Happy Birthday to the leader with the golden touch

David Rose nurtured a generation of writers and directors; Jeremy Isaacs celebrates his career

Anyone interested in comparing the range and quality of today's television drama with that of a previous age should consider the lifetime's achievement of the benign magus David Rose, who celebrates his 80th birthday this month.

Anyone interested in comparing the range and quality of today's television drama with that of a previous age should consider the lifetime's achievement of the benign magus David Rose, who celebrates his 80th birthday this month.

It is not just what David did that is instructive, but how he did it: no committees of consultants; no focus groups or market-testing. Just an eye for a situation, a nose for a script, and a mind of his own to make the critical judgement.

This shambling grizzly bear of a man, with pince-nez, was a product of the Guildhall School of Music and Drama. He was no dancer, but early in his career he worked behind the scenes at the Sadler's Wells Theatre Ballet, before joining the BBC in 1954.

The A to Z of David Rose's career in television begins with "Z": Z Cars, which he launched. It was the first convincing police series and owed more in its texture to the street and the pub than to West End theatre.

Troy Kennedy-Martin and John Hopkins cut their teeth on Z Cars, John McGrath directed and the powerful cast, including Stratford Johns, Frank Windsor and Brian Blessed, revelled in their parts. The screen came alive; viewers, summoned by the flutes of the Liverpool Philharmonic in Bridget Fry's arrangement of "Johnny Todd", were transfixed. The original recording of one of television's best-remembered theme tunes still rings out today at Goodison Park whenever Everton take the field.

But perhaps David's face did not fit at Television Centre, because he was later banished to a sort of BBC Siberia, as Head of TV Training. It was David Attenborough who came to his rescue, sending him to Pebble Mill, Birmingham, as Head of Drama (English Regions).

In the 10 years that followed he showed what he could do. He found regional talent in David Mercer, John Hoskins, Jack Rosenthal and Henry Livings. In 1972 Peter Terson's The Fishing Party put Pebble Mill on the map. But the range was vast and the style varied; from Willy Russell's Our Day Out, to David Rudkin's Penda's Fen, Alan Bleasdale's The Muscle Market, and Alan Plater's Trinity Tales. Not least among these was David Hare's directorial debut with his own script, Licking Hitler, notable also for Bill Paterson's commanding central performance. BBC drama on film was never better. And there were Gangsters and Empire Road (the first credible black series), and Malcolm Bradbury's acerbic The History Man.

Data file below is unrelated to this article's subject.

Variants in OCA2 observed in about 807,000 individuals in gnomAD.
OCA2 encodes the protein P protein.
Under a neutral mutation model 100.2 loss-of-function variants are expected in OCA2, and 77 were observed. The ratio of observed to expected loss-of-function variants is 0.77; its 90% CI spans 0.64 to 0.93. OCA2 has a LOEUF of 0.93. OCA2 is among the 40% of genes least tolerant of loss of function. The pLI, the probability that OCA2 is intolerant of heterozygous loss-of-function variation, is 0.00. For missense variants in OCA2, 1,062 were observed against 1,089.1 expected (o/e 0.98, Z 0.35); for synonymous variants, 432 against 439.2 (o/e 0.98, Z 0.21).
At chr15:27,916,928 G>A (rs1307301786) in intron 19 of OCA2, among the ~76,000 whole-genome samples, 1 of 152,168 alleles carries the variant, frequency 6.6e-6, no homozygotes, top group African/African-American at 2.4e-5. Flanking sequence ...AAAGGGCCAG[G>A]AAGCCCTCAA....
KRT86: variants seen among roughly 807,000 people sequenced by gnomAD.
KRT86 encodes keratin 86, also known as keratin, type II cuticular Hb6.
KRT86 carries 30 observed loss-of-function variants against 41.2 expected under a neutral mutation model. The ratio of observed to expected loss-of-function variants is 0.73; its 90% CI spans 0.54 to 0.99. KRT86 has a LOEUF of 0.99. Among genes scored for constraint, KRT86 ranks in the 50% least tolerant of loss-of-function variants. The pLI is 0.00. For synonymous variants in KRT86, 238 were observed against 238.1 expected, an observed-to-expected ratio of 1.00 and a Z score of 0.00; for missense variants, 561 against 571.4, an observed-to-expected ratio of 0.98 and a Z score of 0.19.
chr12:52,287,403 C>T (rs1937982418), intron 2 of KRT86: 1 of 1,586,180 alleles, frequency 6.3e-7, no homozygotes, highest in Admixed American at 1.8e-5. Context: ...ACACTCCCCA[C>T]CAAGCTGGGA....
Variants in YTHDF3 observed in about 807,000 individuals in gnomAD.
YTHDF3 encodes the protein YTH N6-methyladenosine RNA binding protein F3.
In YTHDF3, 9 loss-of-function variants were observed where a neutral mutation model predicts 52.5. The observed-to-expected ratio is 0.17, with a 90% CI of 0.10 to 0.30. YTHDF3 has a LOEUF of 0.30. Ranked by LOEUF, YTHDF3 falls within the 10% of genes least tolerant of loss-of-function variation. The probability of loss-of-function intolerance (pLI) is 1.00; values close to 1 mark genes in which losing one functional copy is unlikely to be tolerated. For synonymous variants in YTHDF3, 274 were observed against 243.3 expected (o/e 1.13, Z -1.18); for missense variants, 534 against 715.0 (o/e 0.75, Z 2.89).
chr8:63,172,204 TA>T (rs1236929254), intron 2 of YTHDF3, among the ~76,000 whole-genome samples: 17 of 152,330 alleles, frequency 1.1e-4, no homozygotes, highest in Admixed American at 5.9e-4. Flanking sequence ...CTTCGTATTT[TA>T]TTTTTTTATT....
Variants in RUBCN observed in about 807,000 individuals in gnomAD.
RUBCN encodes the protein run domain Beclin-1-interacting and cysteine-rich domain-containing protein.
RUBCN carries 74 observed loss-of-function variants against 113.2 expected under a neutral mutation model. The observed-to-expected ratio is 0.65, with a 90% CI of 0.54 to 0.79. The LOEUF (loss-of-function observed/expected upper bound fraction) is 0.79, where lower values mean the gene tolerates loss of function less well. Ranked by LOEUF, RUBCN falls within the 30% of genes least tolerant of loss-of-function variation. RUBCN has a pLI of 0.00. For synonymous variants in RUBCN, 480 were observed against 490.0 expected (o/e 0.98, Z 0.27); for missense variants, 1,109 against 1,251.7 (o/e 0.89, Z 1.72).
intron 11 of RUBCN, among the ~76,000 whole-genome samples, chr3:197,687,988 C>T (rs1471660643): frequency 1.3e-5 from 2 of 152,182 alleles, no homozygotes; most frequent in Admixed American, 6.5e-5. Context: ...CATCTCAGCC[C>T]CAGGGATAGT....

No wonder Attenborough wrote that sending David to Pebble Mill was "one of the best things I have ever done".

In the late autumn of 1980, with The History Man sizzling on the screen, I was looking for someone to take charge of Channel 4's drama output. Due to launch in November 1982, Channel 4 had no studios. Our plan was to encourage independent film-makers by "offering them not only money, but the chance to exhibit their work in the cinema, where it might gain a reputation and an identity, before its television transmission." This notion I had included in my letter of application for the job. Rose, when I put it to him, concurred. Eighteen months later, we staggered together out of the viewing theatre, into the light of Wardour Street and across the road to the Intrepid Fox pub, after seeing the final cut of Neil Jordan's Angel; a major new film-maker had come our way.

If Z Cars was David's "Z" and Angel was his "A", Phil Redmond's Brookside - salty stuff in those days - was "B". It lasted 20 years.

Between 1981 and 1990, Rose and his associates, Karin Bamborough and Walter Donohue, gave the nod to 136 feature-length films, half of which got a cinema release. Jerzy Skolimowski's Moonlighting was an early favourite; Colin Gregg, Maurice Hatton, Stephen Frears ( My Beautiful Laundrette), Michael Radford ( Another Time, Another Place) came on stream. Peter Greenaway and Terence Davies made their distinctive English contributions. The channel invested in Merchant-Ivory's Heat and Dust and A Room with a View, and helped finance international prize-winners, like Andrei Tarkovsky's The Sacrifice and Wim Wenders's Paris, Texas. These films won substantial audiences, and gave a jolt of life to British film-making. None of it would have happened without Rose.

David is totally without vanity, and never has very much to say. When I would ask him what he looked for in a subject, he would mutter something about "the rough edges of truth". But he always knows what he wants, and is respected by all who worked with him, as simply the best.

If he were starting out today, would he again be given such free rein? I doubt it.

Jeremy Isaacs was founding Chief Executive of Channel 4 (1981-1987)

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